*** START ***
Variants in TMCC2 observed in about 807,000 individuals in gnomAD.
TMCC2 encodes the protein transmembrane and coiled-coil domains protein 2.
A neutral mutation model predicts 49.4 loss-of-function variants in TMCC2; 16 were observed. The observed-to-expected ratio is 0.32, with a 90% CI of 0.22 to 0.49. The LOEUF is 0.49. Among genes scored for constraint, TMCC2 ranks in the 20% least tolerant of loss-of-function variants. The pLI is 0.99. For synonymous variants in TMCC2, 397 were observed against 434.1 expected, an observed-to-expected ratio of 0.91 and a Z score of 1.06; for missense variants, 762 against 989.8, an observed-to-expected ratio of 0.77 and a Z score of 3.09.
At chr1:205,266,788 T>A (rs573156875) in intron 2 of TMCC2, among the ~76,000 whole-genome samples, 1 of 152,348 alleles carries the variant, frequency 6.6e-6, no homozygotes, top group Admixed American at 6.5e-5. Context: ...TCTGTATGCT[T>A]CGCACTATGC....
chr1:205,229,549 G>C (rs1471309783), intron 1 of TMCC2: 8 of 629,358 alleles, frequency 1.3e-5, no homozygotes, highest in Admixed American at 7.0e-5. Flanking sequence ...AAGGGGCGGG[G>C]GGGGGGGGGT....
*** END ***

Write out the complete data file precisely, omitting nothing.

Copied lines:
Variants in TMCC2 observed in about 807,000 individuals in gnomAD.
TMCC2 encodes the protein transmembrane and coiled-coil domains protein 2.
A neutral mutation model predicts 49.4 loss-of-function variants in TMCC2; 16 were observed. The observed-to-expected ratio is 0.32, with a 90% CI of 0.22 to 0.49. The LOEUF is 0.49. Among genes scored for constraint, TMCC2 ranks in the 20% least tolerant of loss-of-function variants. The pLI is 0.99. For synonymous variants in TMCC2, 397 were observed against 434.1 expected, an observed-to-expected ratio of 0.91 and a Z score of 1.06; for missense variants, 762 against 989.8, an observed-to-expected ratio of 0.77 and a Z score of 3.09.
At chr1:205,266,788 T>A (rs573156875) in intron 2 of TMCC2, among the ~76,000 whole-genome samples, 1 of 152,348 alleles carries the variant, frequency 6.6e-6, no homozygotes, top group Admixed American at 6.5e-5. Context: ...TCTGTATGCT[T>A]CGCACTATGC....
chr1:205,229,549 G>C (rs1471309783), intron 1 of TMCC2: 8 of 629,358 alleles, frequency 1.3e-5, no homozygotes, highest in Admixed American at 7.0e-5. Flanking sequence ...AAGGGGCGGG[G>C]GGGGGGGGGT....